[1:11] Rachel: Welcome to a brand new episode of the Yoga Girl podcast, Conversations from the Heart. I am sitting here right now about to introduce our next guest for the show, and I’m just feeling so humbled, and honored, and in awe of this life. As you guys all know, I made a huge change in my life a couple of months back when I decided to change my entire day and begin getting up at five a.m. in the morning for two undisturbed hours for myself. And this is a change that — and I’ve explained many times on this show — really changed my life. Well, one of the people responsible for sparking this change in my life, for inspiring me to commit to this with discipline is Robin Sharma. Chances are you’ve heard about Robin Sharma, chances are you’ve read many of his books, changes are you follow him online, if you haven’t, I’m just so excited to introduce this amazing human being to you right now. Robin is a best-selling author, he wrote The Monk Who Sold His Ferrari, which is a book I read a million years ago. The man has sold over fifteen million books. He’s one of the world’s premier speakers on leadership and personal mastery, and he’s the author of the book, The 5 AM Club, a book that really changed and transformed my life. I am so excited for you to tune into this conversation, it is so inspiring; so everything you’ve ever wanted to know about rising early, why we should get up early, what’s so special about five a.m., how to be kind to ourselves when we’re going through challenging times just like we are in 2020, how to really inspire long-lasting change when it comes to our daily habits, and how to have a really good life. I really know you’re going to enjoy this conversation, so in just a moment, let’s dive in.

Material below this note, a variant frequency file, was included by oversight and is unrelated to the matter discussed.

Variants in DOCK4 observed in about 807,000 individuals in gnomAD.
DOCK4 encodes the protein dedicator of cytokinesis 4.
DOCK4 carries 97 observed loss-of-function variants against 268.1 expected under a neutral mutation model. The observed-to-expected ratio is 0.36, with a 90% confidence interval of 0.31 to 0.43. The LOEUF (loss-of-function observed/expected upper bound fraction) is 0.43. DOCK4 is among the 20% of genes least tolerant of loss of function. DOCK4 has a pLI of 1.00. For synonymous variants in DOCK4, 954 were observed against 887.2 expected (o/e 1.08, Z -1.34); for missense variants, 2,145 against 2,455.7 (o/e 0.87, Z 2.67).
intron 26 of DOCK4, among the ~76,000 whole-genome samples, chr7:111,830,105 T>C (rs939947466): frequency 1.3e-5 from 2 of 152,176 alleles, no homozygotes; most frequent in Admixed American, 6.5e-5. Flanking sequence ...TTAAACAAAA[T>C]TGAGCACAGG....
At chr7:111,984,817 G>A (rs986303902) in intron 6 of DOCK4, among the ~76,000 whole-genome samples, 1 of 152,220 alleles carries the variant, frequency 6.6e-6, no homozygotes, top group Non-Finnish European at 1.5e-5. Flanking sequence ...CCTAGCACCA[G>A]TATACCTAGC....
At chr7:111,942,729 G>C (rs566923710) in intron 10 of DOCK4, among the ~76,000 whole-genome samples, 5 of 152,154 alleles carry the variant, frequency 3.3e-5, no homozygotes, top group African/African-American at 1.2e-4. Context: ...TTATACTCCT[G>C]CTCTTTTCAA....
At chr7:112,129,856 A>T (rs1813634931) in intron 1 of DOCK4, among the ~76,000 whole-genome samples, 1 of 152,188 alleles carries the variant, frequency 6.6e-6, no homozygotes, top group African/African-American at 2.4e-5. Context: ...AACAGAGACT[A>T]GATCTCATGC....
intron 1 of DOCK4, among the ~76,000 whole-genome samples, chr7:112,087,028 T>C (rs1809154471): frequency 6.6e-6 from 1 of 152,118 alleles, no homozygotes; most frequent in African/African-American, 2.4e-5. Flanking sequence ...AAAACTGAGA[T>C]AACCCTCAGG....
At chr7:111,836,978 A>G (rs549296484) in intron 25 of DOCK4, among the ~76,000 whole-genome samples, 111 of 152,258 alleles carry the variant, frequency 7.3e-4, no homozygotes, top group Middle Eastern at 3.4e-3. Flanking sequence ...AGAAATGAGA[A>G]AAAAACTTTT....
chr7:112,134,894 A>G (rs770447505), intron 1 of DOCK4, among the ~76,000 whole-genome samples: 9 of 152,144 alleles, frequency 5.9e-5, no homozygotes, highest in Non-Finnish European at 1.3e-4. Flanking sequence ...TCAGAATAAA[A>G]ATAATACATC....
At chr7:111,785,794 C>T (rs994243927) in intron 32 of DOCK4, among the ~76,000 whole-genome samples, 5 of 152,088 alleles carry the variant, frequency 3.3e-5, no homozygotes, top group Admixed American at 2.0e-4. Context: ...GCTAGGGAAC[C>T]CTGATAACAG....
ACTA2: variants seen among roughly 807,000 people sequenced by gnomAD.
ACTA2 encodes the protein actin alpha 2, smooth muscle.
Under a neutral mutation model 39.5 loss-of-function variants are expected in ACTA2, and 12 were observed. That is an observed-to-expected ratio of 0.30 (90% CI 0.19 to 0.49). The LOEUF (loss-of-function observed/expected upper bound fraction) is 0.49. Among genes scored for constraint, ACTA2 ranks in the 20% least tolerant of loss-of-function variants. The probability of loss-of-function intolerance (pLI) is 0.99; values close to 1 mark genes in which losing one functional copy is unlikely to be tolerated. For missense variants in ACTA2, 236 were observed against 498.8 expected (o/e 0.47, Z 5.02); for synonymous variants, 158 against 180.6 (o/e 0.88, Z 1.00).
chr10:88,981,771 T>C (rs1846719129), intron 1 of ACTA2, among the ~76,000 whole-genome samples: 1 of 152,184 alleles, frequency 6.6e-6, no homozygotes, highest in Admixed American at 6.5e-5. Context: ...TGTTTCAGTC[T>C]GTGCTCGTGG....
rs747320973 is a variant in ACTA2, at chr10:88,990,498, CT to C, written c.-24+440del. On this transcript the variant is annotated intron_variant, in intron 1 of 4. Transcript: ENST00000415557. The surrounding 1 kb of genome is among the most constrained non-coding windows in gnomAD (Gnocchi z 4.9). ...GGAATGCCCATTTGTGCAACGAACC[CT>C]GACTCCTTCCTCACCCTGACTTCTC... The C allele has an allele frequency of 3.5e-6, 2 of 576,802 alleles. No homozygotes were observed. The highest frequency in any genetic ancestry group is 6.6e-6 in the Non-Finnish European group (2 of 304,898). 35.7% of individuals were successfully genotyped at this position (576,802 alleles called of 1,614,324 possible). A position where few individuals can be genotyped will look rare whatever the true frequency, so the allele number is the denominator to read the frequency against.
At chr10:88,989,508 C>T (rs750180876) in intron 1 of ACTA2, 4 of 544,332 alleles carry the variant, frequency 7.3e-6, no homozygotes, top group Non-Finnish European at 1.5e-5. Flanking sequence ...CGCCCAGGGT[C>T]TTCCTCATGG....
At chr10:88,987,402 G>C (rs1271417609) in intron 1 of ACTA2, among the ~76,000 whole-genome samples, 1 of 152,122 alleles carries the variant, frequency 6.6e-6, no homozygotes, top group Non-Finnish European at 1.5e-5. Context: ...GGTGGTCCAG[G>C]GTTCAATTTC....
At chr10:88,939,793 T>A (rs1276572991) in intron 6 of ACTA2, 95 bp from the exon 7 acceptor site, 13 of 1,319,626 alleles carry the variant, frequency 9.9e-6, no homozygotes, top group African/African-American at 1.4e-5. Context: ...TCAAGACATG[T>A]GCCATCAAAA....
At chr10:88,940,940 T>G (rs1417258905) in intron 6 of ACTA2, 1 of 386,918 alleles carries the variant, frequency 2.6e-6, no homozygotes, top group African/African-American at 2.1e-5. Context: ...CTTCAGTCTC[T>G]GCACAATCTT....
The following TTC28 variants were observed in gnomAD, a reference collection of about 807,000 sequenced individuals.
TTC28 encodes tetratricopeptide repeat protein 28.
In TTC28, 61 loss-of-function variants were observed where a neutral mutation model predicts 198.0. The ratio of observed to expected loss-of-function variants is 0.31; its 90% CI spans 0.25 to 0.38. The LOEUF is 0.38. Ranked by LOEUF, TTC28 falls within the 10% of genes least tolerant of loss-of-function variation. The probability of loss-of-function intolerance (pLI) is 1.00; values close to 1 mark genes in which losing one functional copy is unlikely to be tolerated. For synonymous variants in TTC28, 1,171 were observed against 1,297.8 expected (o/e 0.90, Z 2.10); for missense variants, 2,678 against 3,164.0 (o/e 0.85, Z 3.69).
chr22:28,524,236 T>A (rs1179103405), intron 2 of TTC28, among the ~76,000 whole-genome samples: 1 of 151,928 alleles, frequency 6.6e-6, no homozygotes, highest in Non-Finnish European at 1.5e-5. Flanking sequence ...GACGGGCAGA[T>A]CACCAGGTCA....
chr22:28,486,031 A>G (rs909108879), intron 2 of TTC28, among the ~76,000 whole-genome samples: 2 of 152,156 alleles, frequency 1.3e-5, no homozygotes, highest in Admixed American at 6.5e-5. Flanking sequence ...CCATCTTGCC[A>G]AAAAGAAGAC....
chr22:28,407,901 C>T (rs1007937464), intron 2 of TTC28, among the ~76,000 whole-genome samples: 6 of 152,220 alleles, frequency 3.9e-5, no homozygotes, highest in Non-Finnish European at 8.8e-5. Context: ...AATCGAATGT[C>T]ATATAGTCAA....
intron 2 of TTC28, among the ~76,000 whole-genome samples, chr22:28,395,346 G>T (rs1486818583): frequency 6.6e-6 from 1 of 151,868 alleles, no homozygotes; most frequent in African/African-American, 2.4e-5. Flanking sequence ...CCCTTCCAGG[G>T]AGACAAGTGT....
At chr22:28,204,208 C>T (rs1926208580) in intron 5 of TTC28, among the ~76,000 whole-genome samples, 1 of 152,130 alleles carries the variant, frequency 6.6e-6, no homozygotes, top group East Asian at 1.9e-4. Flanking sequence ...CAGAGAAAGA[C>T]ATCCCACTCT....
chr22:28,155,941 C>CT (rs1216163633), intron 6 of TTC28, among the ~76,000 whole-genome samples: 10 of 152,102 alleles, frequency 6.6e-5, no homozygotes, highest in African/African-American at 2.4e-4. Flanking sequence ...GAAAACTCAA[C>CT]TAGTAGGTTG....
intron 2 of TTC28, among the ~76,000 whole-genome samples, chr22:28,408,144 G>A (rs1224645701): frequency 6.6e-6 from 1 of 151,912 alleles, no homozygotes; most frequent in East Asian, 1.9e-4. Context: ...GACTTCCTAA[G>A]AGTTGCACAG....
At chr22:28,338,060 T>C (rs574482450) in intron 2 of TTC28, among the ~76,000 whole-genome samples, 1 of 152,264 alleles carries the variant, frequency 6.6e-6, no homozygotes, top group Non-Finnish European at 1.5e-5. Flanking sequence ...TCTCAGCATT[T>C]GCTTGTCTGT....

[3:04] Rachel: Well, welcome to the show. I wanted to start off and just say I am so grateful to the Universe and to you that we are able to sit here, talking right now, so thank you for, for joining.
Robin: Rachel, it’s a pleasure, and it’s, it’s amazing what you’re doing with your, all the people who follow your work, so congratulations.
Rachel: Thank you. You know, I have been, I read The 5 A.M. Club, which I really want to get into; it’s a book I really feel changed my life. And I was sitting today, just kind of holding the magnitude of how amazing it is that I, I, I got to read that book, it made a huge change for me, and now I get to sit here talking to you, so just in awe of that. This show is called From the Heart, so I would love to just being, in this moment, the way you are as you are, from the heart, how are you doing?
[3:53] Robin: Oh, I think that’s the first time anyone has started off a podcast interview with that question, but it’s a great question, I appreciate it. I think I’m doing really well, I believe…it’s obviously a year of massive upheaval and great change, even when we were trying to set up this call [laughing] you know, just making the connection was…and I think it’s, you know, obviously our brothers and sisters on the planet are suffering, and if we didn’t feel some of that collective trauma, then we wouldn’t be human. So I think it’s a hard year in that sense, seeing what’s going on. And yet I think if you look for the benefits, which I always try to do, then, you know, there are incredible growth opportunities this year, and I’m really looking for those to maintain my hope, and to, to use this year for my own healing, and to use this year for my own growth, and to use this year for my own philosophy — to try to develop my own philosophy.
Rachel: Hmm. Yeah, it is a, I think a hard thing for all of us to balance, you know? So many of us have found big healing this year, big internal shifts and changes for the good, and at the same time, there is so much trauma and so much, so much loss. Do you feel overall hopeful? Or do you feel like we really have to make some collective changes for us to end up in a, in a good place?
Robin: No, I have no hope for the future whatsoever, I think. We’re all…no.
Rachel: No one ever says that…
Robin: I think we’re doomed!
Rachel: …but sometimes, you know?
Robin: Candidly, I think we’re doomed! No.